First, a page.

–The latest buyback strategy of Philip Morris is intended to return more funds to the company’s shareholders.
–Solid Performance in Asian markets has led to the sales growth for the tobacco company, contributing to revenues boost in the last quarters.
–Investors have showed increasing interest in tobacco stocks thanks to beneficial share repurchase programs and dividend yields.
Last week, Philip Morris International announced its newest three-year share buyback strategy, equaling $18 billion, as the world’s leading tobacco group intends to provide more return funds to its shareholders.
Since PMI became a publicly traded company in March 2008 after its spin-off from parent company Altria Group, the tobacco giant spent roughly $23 billion to buy back 432 million shares. The manufacturer of L&M, Bond and Marlboro brands, which has already bought back $1.5 billion during the first quarter, intends to repurchase a total of $6 billion in the current year.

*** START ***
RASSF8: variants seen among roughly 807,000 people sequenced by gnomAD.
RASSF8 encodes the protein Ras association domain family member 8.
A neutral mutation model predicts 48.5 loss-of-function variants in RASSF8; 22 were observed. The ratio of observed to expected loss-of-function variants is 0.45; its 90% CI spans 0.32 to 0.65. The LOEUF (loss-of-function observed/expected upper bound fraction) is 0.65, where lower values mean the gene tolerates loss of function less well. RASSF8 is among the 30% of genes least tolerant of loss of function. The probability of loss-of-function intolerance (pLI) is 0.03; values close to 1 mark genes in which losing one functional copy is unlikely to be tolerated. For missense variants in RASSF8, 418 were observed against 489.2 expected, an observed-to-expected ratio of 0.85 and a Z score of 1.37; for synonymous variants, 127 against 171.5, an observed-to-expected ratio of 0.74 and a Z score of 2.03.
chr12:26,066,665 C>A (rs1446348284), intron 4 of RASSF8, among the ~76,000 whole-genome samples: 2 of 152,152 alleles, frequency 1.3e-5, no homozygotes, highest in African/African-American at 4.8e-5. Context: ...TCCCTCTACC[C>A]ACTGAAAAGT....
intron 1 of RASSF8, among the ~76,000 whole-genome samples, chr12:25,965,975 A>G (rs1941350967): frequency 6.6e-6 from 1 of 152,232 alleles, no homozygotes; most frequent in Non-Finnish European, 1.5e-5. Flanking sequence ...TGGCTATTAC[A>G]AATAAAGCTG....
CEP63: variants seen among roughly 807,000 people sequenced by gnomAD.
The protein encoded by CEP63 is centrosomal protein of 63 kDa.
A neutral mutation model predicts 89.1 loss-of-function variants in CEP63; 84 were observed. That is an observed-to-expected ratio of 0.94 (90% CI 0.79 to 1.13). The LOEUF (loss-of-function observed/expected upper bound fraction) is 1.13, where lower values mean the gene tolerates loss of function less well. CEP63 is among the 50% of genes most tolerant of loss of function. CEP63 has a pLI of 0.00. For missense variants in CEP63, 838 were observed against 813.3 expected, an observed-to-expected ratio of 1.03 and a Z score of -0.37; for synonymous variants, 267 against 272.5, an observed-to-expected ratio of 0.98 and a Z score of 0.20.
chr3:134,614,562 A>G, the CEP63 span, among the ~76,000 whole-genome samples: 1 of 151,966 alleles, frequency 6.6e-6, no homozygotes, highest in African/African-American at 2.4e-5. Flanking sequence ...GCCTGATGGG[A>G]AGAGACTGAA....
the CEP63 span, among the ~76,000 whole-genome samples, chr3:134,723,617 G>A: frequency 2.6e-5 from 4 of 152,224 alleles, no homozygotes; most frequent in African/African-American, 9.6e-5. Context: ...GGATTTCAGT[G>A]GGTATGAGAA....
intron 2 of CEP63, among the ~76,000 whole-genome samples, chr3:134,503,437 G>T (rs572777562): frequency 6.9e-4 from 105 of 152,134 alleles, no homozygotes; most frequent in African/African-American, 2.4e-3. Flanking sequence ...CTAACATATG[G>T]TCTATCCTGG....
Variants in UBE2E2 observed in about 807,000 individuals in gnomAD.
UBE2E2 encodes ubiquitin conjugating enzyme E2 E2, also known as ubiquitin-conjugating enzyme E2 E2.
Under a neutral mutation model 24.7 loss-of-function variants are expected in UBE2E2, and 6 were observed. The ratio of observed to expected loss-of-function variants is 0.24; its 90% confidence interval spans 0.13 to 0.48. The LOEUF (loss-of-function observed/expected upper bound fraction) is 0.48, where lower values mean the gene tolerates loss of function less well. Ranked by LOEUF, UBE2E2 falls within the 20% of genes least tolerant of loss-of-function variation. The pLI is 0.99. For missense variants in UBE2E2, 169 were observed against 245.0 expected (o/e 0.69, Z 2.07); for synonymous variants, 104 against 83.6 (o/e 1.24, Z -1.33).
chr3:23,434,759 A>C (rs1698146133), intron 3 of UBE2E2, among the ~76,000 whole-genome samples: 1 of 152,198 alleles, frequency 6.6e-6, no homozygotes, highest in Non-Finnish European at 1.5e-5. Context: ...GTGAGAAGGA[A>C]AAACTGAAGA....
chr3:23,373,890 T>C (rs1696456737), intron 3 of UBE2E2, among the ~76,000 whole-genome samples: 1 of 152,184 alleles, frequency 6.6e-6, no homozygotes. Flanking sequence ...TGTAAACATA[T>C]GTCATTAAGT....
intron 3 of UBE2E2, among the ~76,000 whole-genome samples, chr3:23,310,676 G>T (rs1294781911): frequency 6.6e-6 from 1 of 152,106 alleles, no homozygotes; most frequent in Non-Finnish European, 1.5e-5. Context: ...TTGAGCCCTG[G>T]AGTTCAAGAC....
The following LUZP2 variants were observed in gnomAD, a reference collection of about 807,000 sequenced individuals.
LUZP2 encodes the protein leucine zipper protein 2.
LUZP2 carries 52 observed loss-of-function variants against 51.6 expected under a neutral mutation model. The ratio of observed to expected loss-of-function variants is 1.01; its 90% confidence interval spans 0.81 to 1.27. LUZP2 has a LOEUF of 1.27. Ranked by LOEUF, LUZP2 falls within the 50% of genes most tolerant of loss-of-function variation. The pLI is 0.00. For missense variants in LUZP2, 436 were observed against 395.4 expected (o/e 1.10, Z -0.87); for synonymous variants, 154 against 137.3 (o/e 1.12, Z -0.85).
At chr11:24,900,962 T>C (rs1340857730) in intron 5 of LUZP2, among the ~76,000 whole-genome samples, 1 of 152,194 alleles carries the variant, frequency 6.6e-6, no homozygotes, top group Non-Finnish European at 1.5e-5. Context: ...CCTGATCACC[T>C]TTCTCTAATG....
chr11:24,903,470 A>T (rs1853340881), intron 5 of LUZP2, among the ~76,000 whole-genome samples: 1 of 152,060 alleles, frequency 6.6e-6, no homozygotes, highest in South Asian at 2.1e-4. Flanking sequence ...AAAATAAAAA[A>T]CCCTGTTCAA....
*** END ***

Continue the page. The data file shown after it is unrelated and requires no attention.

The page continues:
The newest buyback plan starts on August 1st. The current $2 billion repurchase strategy, which was started in May 2010, should be finished “ahead of schedule,” Philip Morris representative admitted.
More than solid performance in Asian region has helped to boost the sales of the company, and contributed to earnings growth in late quarters. Philip Morris was eager to accelerate growth in developing markets amid dropping volumes in mature markets across Western Europe. The tobacco giant is present on almost 80 markets of the world, excluding the USA and China.
Investors have recently been interested in tobacco stocks thanks to their solid cash inflow, share buyback programs and dividend yields. Three of four leading privately owned tobacco groups have managed to excel the Dow Jones Commercial Average this year, with Philip Morris reporting 10% in 2012.
Since becoming public at $50, the company’s shares have soared by 73%, outperforming the gains of its former parent company Altria, as well as Reynolds American Inc. and Lorillard Inc. posted during the identical period. Philip Morris, which reported a record high of $91.05 in May, has been lately up-trading by 1.7 percent to $86.46.
In its report on tobacco survey, Morgan Stanley, last week confirmed the bank’s $90 price target presumes Philip Morris retains growth in organic operating profit based on local currency between 6% to 8% within the mid term. The company adds the stock’s present valuation is attractive compared with premium rivals, including Colgate-Palmolive and Coca-Cola.